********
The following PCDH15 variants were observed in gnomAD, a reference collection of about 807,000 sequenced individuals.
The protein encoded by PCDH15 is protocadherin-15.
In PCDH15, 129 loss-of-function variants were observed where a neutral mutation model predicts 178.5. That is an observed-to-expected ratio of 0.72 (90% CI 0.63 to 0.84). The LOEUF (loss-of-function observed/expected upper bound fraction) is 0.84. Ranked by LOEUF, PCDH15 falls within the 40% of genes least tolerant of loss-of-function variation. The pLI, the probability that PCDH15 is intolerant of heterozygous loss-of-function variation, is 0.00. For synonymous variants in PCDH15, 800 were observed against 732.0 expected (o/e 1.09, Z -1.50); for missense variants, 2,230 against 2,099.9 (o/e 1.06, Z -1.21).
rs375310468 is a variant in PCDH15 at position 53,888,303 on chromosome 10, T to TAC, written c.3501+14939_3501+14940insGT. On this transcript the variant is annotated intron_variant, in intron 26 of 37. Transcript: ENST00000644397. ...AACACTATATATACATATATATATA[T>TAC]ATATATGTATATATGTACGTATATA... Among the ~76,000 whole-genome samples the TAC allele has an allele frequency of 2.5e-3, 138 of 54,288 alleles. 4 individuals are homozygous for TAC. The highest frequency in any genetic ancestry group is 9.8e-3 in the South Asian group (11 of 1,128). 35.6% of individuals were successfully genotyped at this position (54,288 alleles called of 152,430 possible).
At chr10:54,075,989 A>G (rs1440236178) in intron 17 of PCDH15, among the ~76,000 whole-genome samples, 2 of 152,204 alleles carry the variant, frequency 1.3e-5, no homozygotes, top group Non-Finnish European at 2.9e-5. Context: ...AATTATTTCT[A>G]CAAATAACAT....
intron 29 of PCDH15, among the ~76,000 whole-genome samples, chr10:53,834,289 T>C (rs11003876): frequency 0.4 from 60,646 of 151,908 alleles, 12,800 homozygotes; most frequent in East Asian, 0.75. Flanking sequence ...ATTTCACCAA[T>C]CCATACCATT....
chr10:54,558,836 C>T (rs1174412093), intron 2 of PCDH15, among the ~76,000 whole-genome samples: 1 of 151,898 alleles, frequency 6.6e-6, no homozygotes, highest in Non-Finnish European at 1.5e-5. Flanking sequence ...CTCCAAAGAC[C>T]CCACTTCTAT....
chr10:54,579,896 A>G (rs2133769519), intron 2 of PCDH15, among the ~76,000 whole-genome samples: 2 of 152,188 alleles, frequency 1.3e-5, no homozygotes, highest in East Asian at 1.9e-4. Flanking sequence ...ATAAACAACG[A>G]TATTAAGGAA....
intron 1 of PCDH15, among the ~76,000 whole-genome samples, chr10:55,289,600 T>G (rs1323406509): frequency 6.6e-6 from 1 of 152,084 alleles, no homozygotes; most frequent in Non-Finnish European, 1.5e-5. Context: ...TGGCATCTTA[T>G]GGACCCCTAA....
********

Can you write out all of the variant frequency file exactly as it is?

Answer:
The following PCDH15 variants were observed in gnomAD, a reference collection of about 807,000 sequenced individuals.
The protein encoded by PCDH15 is protocadherin-15.
In PCDH15, 129 loss-of-function variants were observed where a neutral mutation model predicts 178.5. That is an observed-to-expected ratio of 0.72 (90% CI 0.63 to 0.84). The LOEUF (loss-of-function observed/expected upper bound fraction) is 0.84. Ranked by LOEUF, PCDH15 falls within the 40% of genes least tolerant of loss-of-function variation. The pLI, the probability that PCDH15 is intolerant of heterozygous loss-of-function variation, is 0.00. For synonymous variants in PCDH15, 800 were observed against 732.0 expected (o/e 1.09, Z -1.50); for missense variants, 2,230 against 2,099.9 (o/e 1.06, Z -1.21).
rs375310468 is a variant in PCDH15 at position 53,888,303 on chromosome 10, T to TAC, written c.3501+14939_3501+14940insGT. On this transcript the variant is annotated intron_variant, in intron 26 of 37. Transcript: ENST00000644397. ...AACACTATATATACATATATATATA[T>TAC]ATATATGTATATATGTACGTATATA... Among the ~76,000 whole-genome samples the TAC allele has an allele frequency of 2.5e-3, 138 of 54,288 alleles. 4 individuals are homozygous for TAC. The highest frequency in any genetic ancestry group is 9.8e-3 in the South Asian group (11 of 1,128). 35.6% of individuals were successfully genotyped at this position (54,288 alleles called of 152,430 possible).
At chr10:54,075,989 A>G (rs1440236178) in intron 17 of PCDH15, among the ~76,000 whole-genome samples, 2 of 152,204 alleles carry the variant, frequency 1.3e-5, no homozygotes, top group Non-Finnish European at 2.9e-5. Context: ...AATTATTTCT[A>G]CAAATAACAT....
intron 29 of PCDH15, among the ~76,000 whole-genome samples, chr10:53,834,289 T>C (rs11003876): frequency 0.4 from 60,646 of 151,908 alleles, 12,800 homozygotes; most frequent in East Asian, 0.75. Flanking sequence ...ATTTCACCAA[T>C]CCATACCATT....
chr10:54,558,836 C>T (rs1174412093), intron 2 of PCDH15, among the ~76,000 whole-genome samples: 1 of 151,898 alleles, frequency 6.6e-6, no homozygotes, highest in Non-Finnish European at 1.5e-5. Flanking sequence ...CTCCAAAGAC[C>T]CCACTTCTAT....
chr10:54,579,896 A>G (rs2133769519), intron 2 of PCDH15, among the ~76,000 whole-genome samples: 2 of 152,188 alleles, frequency 1.3e-5, no homozygotes, highest in East Asian at 1.9e-4. Flanking sequence ...ATAAACAACG[A>G]TATTAAGGAA....
intron 1 of PCDH15, among the ~76,000 whole-genome samples, chr10:55,289,600 T>G (rs1323406509): frequency 6.6e-6 from 1 of 152,084 alleles, no homozygotes; most frequent in Non-Finnish European, 1.5e-5. Context: ...TGGCATCTTA[T>G]GGACCCCTAA....